This will be the third time Kazakhstan has changed alphabets in the last 100 years. In 1929, Kazakhs switched from the Arabic script to the Latin script, as the Soviet Union pushed to create a secular education system. In 1940, Kazakhstan switched to the Cyrillic alphabet. Nationalities in the Soviet Union had the right to education in their own language, but the change was still supposed to create overall unity and is seen as a move towards "Russification."
Now Kazakhstan is trying to shed its Soviet past, albeit much later than many neighboring countries, where Turkic languages are also spoken. Azerbaijan switched from the Cyrillic to the Latin alphabet in 1991, just after the fall of the Soviet Union, while Uzbekistan and Turkmenistan made the change in 1993.
Kazakstan's move can also be seen as a step to distance from neighboring Russia as well, however. Kazakh authorities have been at pains to emphasize that Russia remains an important ally for the Central Asian country. Russia is one of Kazakhstan's top trade partners.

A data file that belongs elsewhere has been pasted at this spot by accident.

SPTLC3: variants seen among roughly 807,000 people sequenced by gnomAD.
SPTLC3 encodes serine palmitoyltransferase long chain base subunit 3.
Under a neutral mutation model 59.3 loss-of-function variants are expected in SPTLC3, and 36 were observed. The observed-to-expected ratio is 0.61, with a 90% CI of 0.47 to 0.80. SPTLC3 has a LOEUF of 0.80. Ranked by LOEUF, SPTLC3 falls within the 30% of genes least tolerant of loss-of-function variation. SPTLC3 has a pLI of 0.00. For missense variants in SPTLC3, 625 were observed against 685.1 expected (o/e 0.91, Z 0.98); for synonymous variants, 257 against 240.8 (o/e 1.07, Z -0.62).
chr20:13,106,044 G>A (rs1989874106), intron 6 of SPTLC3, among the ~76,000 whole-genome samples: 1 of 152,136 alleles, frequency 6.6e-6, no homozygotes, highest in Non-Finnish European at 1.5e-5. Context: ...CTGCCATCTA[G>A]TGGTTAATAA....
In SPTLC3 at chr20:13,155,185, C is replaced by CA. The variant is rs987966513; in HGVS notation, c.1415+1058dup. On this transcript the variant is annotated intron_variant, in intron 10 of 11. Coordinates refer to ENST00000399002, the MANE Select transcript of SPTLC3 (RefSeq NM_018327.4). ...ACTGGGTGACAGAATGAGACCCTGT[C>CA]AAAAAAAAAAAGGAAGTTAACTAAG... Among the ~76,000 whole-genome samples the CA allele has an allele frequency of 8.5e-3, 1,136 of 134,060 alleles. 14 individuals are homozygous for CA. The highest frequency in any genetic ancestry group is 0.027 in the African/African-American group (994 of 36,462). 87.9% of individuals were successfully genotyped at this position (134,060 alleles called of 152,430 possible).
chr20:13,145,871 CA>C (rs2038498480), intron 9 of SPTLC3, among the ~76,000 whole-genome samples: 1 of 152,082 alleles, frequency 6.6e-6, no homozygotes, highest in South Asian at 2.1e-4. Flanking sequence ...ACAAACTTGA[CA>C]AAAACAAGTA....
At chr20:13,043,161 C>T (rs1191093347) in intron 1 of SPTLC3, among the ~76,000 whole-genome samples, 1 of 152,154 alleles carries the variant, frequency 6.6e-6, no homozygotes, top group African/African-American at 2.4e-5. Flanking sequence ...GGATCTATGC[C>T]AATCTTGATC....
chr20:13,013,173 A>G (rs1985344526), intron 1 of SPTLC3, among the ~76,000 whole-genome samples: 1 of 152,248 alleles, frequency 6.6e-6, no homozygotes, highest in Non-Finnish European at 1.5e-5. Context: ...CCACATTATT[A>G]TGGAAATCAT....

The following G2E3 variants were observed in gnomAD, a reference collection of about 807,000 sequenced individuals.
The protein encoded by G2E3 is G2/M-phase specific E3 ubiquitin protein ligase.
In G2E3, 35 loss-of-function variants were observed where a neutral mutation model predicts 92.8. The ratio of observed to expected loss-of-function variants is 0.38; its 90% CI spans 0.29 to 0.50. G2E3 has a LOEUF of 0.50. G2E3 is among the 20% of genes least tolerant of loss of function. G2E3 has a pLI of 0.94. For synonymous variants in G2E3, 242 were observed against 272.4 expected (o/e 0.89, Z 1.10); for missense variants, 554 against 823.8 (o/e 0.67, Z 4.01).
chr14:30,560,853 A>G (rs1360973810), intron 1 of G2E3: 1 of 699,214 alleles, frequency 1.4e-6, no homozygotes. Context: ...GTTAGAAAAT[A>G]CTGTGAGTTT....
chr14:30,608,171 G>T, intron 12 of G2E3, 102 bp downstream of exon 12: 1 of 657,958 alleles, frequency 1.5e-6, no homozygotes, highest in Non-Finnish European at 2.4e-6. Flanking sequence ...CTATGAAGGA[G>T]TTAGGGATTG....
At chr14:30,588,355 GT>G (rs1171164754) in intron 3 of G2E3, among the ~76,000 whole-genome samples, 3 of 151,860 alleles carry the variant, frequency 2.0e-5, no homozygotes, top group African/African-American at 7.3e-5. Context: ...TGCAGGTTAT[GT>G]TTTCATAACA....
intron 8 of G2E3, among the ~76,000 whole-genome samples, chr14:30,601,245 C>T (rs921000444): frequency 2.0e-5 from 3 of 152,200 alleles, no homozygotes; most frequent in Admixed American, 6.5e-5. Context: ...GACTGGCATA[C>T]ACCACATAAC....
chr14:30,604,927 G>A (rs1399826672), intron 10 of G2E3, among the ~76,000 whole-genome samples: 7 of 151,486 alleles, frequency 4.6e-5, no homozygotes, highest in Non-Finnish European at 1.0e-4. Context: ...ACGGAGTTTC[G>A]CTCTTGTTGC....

According to political scientist Aidos Sarym, concern over the way Russia would take the move could explain why Kazakhstan waited longer than its neighbors to switch alphabets. It was almost inevitable that Russia's elites would take the step as a "personal blow, as a departure from [Russia's] sphere of media influence and political influence," Sarym tells DW.
Tipping the balance
But Sarym says there is another reason that the change in Kazakhstan comes later than in neighboring countries. The Russian language is far more than an administrative overhang from the Soviet Union in Kazakhstan. Though ethnic Kazakhs make up the majority of the population, nearly everyone in the country speaks fluent Russian. The last census in 2009 shows that while 74 percent of people understand Kazakh, more than 94 percent understand Russian. But the Kazakh government has declared that it wants to switch that balance in the coming years.